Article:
The Clone Wars are confusing. Not only are both sides of this star war controlled by the same guy, the Separatists have their own splintered factions. But Season 7's third episode handily explains every conflict spanning the Star Wars saga. Turns out that war profiteering Rose and Finn stumbled upon in The Last Jedi has been going on for a long, long time. Spoilers ahead.
The Clone Wars wouldn't be so wonderfully weird without the inclusion of an extra-hilarious prequel character like Wat Tambor. First seen in Attack of the Clones, he's the faux-steampunk foreman of something called "The Techno Union Army," which claims to be a neutral party in the war. However, we know they're working with Count Dooku and the Separatists, mostly because Tambor's big line of dialogue in Attack of the Clones was, "The Techno Union Army – various floopy-bloop robot noises – is at your disposal, Count."
The only other thing Tambor says in a live-action Star Wars movie is also directed to Dooku: "With these new battle droids we've built for you, you'll have the finest army in the galaxy."
In the new Clone Wars episode, Tambor rages about the profits he stands to lose after the Clone Trooper Echo escapes. Turns out the Techno Union Army doesn't care about Dooku and the Separatists: this is all about money. What Tambor's really worried about is his profit margin.
If Tambor and the Techno Union Army don't supply the Separatists with the intel they promised, they'll lose out on more contracts. Infamously, the battle droids Tambor mentioned in Attack of the Clones are the same variety that killed Din Djarin's (AKA The Mandalorian) parents. In fact, the Separatists are super-reliant on what Wat Tambor supplied. The Roger Roger battle droids of the Trade Federation were clearly not cutting it in The Phantom Menace, but Tambor's modified flying versions in the latest Clone Wars episode kick serious ass.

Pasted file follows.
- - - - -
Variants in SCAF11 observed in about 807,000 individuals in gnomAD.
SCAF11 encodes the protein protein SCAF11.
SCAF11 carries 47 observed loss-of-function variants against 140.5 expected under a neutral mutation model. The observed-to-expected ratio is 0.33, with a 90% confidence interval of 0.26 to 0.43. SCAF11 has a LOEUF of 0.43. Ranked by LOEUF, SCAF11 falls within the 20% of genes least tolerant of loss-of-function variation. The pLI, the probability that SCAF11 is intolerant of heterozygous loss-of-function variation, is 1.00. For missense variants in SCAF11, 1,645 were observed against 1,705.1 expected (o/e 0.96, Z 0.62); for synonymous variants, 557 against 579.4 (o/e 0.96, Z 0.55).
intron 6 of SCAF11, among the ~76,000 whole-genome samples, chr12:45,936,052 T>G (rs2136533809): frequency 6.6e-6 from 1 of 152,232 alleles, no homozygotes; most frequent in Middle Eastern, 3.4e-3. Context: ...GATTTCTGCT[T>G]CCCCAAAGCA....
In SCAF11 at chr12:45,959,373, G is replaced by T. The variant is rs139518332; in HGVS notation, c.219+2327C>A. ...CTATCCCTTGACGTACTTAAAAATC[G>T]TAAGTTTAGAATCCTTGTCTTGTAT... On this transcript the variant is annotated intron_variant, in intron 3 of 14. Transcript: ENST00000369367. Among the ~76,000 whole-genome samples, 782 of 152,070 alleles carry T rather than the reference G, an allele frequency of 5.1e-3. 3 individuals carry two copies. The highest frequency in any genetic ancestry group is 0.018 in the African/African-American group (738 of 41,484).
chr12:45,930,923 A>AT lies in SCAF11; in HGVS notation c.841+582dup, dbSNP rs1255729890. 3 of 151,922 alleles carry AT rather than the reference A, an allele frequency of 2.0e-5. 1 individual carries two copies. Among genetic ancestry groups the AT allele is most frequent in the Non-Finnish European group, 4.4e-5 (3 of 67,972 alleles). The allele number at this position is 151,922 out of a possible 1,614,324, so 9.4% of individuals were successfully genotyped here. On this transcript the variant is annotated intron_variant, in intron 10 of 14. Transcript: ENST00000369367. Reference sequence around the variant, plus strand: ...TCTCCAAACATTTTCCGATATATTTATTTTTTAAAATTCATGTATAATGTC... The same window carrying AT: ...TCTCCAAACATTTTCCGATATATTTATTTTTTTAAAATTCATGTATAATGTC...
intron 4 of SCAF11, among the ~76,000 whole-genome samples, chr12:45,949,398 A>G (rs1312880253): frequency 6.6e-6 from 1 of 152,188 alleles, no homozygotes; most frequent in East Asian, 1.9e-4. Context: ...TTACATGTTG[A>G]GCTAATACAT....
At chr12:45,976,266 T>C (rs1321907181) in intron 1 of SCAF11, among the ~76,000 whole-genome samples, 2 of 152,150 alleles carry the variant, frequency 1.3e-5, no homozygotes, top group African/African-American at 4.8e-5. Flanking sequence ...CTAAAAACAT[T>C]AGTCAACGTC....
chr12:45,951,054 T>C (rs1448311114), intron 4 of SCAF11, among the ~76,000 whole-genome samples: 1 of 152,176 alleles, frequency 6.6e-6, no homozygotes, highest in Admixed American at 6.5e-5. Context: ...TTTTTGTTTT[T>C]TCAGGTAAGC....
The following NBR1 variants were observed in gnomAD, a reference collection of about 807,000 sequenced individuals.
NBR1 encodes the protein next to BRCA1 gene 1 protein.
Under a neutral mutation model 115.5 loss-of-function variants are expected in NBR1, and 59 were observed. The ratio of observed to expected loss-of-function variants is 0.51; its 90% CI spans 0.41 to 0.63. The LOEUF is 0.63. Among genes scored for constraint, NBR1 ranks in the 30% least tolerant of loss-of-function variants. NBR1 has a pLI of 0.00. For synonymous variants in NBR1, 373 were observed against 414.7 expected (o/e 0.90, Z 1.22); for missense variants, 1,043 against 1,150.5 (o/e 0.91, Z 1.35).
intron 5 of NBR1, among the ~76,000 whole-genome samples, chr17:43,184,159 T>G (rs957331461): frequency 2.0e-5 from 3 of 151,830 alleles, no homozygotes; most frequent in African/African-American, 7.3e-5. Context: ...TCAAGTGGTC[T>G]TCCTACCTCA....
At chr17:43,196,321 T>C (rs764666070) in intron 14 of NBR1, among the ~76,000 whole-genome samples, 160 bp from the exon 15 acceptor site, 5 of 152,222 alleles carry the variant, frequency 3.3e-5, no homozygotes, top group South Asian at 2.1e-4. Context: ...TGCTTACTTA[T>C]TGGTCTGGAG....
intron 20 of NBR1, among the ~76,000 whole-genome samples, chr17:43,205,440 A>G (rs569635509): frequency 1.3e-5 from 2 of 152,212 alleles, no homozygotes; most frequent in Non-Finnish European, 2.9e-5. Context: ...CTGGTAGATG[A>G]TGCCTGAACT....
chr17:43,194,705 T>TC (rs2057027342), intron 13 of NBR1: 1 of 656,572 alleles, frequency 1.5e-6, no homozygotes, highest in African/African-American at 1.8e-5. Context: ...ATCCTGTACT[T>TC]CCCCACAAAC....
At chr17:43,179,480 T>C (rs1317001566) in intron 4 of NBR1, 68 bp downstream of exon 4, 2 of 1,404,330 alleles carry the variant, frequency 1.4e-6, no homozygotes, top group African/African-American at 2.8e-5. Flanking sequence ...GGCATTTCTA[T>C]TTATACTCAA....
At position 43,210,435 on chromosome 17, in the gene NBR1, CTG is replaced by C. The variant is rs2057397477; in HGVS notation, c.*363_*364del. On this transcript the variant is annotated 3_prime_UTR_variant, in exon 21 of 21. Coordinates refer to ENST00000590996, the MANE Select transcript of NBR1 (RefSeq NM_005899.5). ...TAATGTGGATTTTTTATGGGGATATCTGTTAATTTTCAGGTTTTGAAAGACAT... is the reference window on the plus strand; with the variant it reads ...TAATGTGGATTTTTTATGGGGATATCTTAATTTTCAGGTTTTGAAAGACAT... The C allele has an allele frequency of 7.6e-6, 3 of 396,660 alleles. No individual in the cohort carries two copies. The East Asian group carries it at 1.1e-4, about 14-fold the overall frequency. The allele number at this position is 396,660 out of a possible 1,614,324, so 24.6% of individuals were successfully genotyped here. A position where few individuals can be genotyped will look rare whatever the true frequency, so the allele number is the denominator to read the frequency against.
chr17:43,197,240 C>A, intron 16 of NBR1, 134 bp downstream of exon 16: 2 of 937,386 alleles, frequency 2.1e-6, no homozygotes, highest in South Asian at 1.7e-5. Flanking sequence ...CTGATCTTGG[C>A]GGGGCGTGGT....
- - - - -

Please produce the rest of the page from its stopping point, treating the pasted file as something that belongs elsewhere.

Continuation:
So who cares? Battle droids aren't used anymore by the time of the original and sequel trilogies. The Techno Union Army essentially sold all the weaponry for one half of the war. This practice remains the status quo for armed conflicts up until The Last Jedi. In Canto Bight, Rose points out that the people there are fabulously wealthy from selling weapons of war. They sell both X-Wings and TIE Fighters. To anyone.
Essentially, having one kind of starfighter — or battle droid — does not automatically make someone good or bad. All of these Star Wars weapons — from automated troops to ships of war — come from parties interested in making a buck.
The Clone Wars are the result of Palpatine manipulating the Republic and the Separatists into believing that they needed a Clone Army and a Droid Army. But without Wat Tambor's motivation for cash, those Super Battle Droids may have never been built. During the era of the original trilogy, it seemed Empire controlled all modes of production, but that's not exactly true. In old-school canon, the Empire's ships were built by Kuat Shipyards, while the Rebellion ships came from a few different ship-builders. X-Wings were designed by Incom Corporation, which chose to sell weapons to the Rebellion early on. On some level, Incom (and others) decided that the Empire was bad for business, and helping the Rebellion would generate profits.
We're barely scratching the surface of how deep this goes in the history of Star Wars. Like the news media and record-keeping in Star Wars, the economics of a galaxy far, far away are pretty sketchy. Also, we generally only see Star Wars stories set in a time of massive conflict.
Could the economy of Star Wars function during peacetime? Yes, but perhaps not very well. The three trilogies take place over the course of 60 years of galaxy-wide wars, so it's really only during the in-between periods — between the prequels and A New Hope, or now, during the time of The Mandalorian, that we could get a glimpse of normalcy. As Clone Wars has just demonstrated, there's more profit to be made when things are terrible.
The Clone Wars airs Fridays on Disney+.